And the facts begin to come out, as predicted.
James Ray "exhibited a "godlike complex" at his seminars.
In 2005 someone else went unconscious.
QUOTE: "Verde Valley Fire Chief Jerry Doerksen said his department responded to a 911 call in October 2005 about a person who was unconscious after being in a sweat lodge.
Angel Valley resort owner Amayra Hamilton confirmed that Ray was leading the sweat ceremony during the 2005 event. Ray's spokesman declined to comment."
And there is still one person in a coma with damage to multiple organs, and 2 others still in the hospital.
What about the organ damage others sustained who have been released from hospital?
This was not an "accident" and those who lead the retreat are not "shocked".
That is a flagrant and blatant PR lie, saying what their PR expert has coached them to say.
They knew people were risking their lives.
They are just saying its a "shocking accident" to try and cover their own ass and assets.
The reality is their response is going to be to the families and those who got hurt...READ THE RELEASE OF LIABILITY and especially the DEATH CLAUSE. [forum.culteducation.com
That is reality, not the bullshit PR statements they are trying to feed people.
And these retreats, are about putting people into extreme situations of mental breakdown, as a part of their LGAT seminar "brainwashing" system.
Are they going to get away with it?
Family seek details in Ariz sweat lodge deaths
By FELICIA FONSECA (AP)
SEDONA, Ariz. — A spokesman for the family of one of two people who died after being overcome in an Arizona sweat lodge demanded more accountability Tuesday from the man in charge of the spiritual retreat that led to the deaths.
Self-help expert and author James Arthur Ray led a group of more than 50 people last week through a five-day program intended to push people beyond their limits. The course included a Thursday sweat lodge ceremony, which ended tragically in the deaths of Kirby Brown, 38, of Westtown, N.Y., and 40-year-old James Shore of Milwaukee.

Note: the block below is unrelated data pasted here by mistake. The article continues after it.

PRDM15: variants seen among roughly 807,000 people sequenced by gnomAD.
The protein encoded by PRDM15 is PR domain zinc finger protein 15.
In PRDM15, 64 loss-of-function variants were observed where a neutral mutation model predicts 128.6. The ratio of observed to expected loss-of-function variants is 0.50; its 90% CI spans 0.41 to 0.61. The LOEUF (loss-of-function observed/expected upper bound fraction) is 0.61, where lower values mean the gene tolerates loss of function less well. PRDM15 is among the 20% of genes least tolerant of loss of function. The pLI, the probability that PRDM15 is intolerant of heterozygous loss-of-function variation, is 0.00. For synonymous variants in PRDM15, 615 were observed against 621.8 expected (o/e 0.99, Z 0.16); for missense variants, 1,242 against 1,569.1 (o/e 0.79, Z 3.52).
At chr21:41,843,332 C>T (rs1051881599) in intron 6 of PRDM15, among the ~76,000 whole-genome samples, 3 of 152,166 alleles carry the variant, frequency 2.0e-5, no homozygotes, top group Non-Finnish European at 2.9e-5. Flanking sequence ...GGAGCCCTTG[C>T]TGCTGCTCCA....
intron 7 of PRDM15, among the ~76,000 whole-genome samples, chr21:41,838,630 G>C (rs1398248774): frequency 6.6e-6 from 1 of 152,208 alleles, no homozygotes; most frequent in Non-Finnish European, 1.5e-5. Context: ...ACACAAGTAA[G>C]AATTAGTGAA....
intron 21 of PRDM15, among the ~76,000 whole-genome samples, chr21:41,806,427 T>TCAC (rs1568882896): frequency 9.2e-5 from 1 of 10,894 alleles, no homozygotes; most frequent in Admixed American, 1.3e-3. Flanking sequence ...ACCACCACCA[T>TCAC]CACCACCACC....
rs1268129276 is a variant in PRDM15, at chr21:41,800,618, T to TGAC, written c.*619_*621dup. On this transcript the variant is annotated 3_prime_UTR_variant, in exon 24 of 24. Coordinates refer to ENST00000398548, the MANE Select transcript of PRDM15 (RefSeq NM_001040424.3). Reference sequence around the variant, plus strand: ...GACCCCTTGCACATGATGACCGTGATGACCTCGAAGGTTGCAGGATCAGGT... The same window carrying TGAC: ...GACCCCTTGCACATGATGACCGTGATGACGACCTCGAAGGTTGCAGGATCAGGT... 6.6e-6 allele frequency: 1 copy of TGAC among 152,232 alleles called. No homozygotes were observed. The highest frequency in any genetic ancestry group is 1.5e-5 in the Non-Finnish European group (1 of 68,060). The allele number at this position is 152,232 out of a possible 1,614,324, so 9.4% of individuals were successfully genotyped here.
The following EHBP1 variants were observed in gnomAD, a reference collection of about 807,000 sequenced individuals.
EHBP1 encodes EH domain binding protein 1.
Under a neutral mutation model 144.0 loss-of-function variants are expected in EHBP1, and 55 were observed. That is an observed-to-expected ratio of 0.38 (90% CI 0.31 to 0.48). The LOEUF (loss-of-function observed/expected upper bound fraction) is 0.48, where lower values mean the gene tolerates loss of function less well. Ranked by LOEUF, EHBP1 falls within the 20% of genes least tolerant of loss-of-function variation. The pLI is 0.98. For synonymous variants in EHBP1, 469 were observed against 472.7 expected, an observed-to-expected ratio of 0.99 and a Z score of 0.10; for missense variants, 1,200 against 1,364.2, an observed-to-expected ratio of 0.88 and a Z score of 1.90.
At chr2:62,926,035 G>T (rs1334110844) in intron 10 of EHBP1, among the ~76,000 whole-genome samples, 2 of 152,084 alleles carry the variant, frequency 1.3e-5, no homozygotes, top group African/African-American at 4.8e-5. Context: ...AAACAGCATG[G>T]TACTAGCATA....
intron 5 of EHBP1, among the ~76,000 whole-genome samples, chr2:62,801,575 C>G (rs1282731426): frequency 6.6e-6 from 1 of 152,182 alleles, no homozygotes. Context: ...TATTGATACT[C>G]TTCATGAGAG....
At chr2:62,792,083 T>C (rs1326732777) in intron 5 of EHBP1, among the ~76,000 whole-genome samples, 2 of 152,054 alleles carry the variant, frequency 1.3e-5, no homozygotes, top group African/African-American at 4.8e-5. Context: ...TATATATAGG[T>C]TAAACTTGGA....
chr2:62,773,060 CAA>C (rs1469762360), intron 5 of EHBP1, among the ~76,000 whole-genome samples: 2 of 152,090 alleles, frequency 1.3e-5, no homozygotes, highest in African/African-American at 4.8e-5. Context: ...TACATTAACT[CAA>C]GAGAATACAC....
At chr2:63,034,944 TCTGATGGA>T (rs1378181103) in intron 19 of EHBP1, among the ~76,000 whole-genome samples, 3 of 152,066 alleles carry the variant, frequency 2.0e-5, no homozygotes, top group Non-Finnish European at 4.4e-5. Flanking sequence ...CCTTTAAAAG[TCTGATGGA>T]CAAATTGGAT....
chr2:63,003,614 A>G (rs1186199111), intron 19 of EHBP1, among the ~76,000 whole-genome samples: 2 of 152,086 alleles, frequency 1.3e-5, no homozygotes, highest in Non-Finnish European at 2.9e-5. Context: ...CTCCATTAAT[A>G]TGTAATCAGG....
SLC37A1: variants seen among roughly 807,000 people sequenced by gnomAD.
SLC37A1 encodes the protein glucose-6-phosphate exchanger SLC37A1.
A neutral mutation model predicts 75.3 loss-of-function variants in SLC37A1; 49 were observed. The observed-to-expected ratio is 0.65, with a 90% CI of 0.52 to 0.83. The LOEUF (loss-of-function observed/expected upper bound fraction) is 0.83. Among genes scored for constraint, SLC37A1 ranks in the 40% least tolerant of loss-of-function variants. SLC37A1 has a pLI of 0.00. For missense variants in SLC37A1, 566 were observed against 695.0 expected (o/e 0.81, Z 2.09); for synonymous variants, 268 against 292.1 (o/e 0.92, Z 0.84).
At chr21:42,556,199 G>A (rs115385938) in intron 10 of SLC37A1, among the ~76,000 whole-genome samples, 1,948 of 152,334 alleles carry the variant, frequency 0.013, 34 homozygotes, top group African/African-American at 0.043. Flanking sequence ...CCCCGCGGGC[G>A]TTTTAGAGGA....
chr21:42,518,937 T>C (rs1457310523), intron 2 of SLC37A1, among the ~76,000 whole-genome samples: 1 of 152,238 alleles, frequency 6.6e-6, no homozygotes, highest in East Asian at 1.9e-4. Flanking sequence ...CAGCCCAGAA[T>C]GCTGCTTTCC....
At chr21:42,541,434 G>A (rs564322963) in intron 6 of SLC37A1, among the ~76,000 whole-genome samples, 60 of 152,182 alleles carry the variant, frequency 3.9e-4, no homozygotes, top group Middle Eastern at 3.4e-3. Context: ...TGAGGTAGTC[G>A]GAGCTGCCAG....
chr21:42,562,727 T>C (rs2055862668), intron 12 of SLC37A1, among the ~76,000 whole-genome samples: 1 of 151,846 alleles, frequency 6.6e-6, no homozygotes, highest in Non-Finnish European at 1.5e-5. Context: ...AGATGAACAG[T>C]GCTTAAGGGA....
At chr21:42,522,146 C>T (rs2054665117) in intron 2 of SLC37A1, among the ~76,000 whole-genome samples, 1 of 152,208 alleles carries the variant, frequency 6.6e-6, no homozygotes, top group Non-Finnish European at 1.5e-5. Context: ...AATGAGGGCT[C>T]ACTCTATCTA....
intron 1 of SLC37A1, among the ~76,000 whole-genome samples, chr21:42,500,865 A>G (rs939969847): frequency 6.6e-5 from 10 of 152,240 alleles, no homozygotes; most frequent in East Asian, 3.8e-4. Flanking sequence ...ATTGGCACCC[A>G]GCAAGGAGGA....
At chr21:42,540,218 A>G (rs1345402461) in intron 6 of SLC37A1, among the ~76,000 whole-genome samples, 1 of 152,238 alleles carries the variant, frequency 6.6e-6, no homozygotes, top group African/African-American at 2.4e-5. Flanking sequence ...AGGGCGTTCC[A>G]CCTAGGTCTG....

Nineteen other people were hurt, and one remains in critical condition.
Tom McFeeley, Brown's cousin and family spokesman, called on Ray to assure that the participants "were not mistreated and not put in a reckless situation.
"He was someone people believed in, people paid good money to get his advice," McFeeley said. "It's a person we all wanted to believe had our best interest in mind. Quite simply, that didn't happen."
McFeeley also said he is concerned that Ray exhibited a "godlike complex" during the event that might have kept people from opting out of activities Ray acknowledged could cause "physical, emotional, financial or other injuries."
"We need to look at this way beyond the sweat lodge," McFeeley said. "If we could understand minute by minute what happened this week, I think we'll get a much greater view on what kind of event this was and the level of danger that existed."
Fire department reports released Tuesday show the incident wasn't the first involving a sweat lodge ceremony at the resort. Verde Valley Fire Chief Jerry Doerksen said his department responded to a 911 call in October 2005 about a person who was unconscious after being in a sweat lodge.
Angel Valley resort owner Amayra Hamilton confirmed that Ray was leading the sweat ceremony during the 2005 event. Ray's spokesman declined to comment.
No other details about the 2005 incident were immediately available.
Meanwhile, the Yavapai County Sheriff's Office continued to investigate last week's ceremony to determine if criminal negligence played a role in the deaths or illnesses. Authorities said Ray has refused to speak with authorities. No charges have been filed.
The participants had fasted for 36 hours as part of a personal and spiritual quest in the wilderness, then ate a breakfast buffet before entering the sweat lodge around 3 p.m. A 911 call two hours later said two people, who authorities said were Shore and Brown, had no pulse and weren't breathing.
A statement released by the family of Liz Neuman, who remains in critical condition at the Flagstaff Medical Center, said she is in a coma and doctors are working to stabilize damage to multiple organs.
"Liz is fighting hard and her family asks for everyone to keep her in their thoughts and prayers," the statement said.
Two others remained hospitalized. Fire officials say the victims exhibited symptoms ranging from dehydration to kidney failure after sitting in the sweat lodge.
Officials say the sweat lodge, built specifically for the five-day retreat, lacked the necessary building permit.